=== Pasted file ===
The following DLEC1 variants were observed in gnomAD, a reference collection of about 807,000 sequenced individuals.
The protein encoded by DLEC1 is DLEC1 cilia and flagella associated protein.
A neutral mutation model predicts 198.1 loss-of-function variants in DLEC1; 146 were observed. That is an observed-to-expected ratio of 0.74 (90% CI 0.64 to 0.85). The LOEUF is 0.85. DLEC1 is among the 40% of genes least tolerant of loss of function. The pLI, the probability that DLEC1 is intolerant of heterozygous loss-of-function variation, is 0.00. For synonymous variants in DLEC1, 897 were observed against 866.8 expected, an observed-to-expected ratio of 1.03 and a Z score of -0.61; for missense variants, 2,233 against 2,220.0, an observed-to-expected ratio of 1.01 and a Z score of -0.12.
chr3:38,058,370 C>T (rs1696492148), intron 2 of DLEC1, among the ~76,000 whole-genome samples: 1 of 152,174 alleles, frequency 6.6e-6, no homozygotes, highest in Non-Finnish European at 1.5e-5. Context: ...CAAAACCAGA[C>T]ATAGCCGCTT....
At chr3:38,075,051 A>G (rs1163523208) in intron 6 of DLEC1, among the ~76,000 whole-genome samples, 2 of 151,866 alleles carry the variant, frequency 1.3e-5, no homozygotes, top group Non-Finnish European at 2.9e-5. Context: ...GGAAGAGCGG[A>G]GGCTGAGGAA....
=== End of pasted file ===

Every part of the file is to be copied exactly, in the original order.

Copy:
The following DLEC1 variants were observed in gnomAD, a reference collection of about 807,000 sequenced individuals.
The protein encoded by DLEC1 is DLEC1 cilia and flagella associated protein.
A neutral mutation model predicts 198.1 loss-of-function variants in DLEC1; 146 were observed. That is an observed-to-expected ratio of 0.74 (90% CI 0.64 to 0.85). The LOEUF is 0.85. DLEC1 is among the 40% of genes least tolerant of loss of function. The pLI, the probability that DLEC1 is intolerant of heterozygous loss-of-function variation, is 0.00. For synonymous variants in DLEC1, 897 were observed against 866.8 expected, an observed-to-expected ratio of 1.03 and a Z score of -0.61; for missense variants, 2,233 against 2,220.0, an observed-to-expected ratio of 1.01 and a Z score of -0.12.
chr3:38,058,370 C>T (rs1696492148), intron 2 of DLEC1, among the ~76,000 whole-genome samples: 1 of 152,174 alleles, frequency 6.6e-6, no homozygotes, highest in Non-Finnish European at 1.5e-5. Context: ...CAAAACCAGA[C>T]ATAGCCGCTT....
At chr3:38,075,051 A>G (rs1163523208) in intron 6 of DLEC1, among the ~76,000 whole-genome samples, 2 of 151,866 alleles carry the variant, frequency 1.3e-5, no homozygotes, top group Non-Finnish European at 2.9e-5. Context: ...GGAAGAGCGG[A>G]GGCTGAGGAA....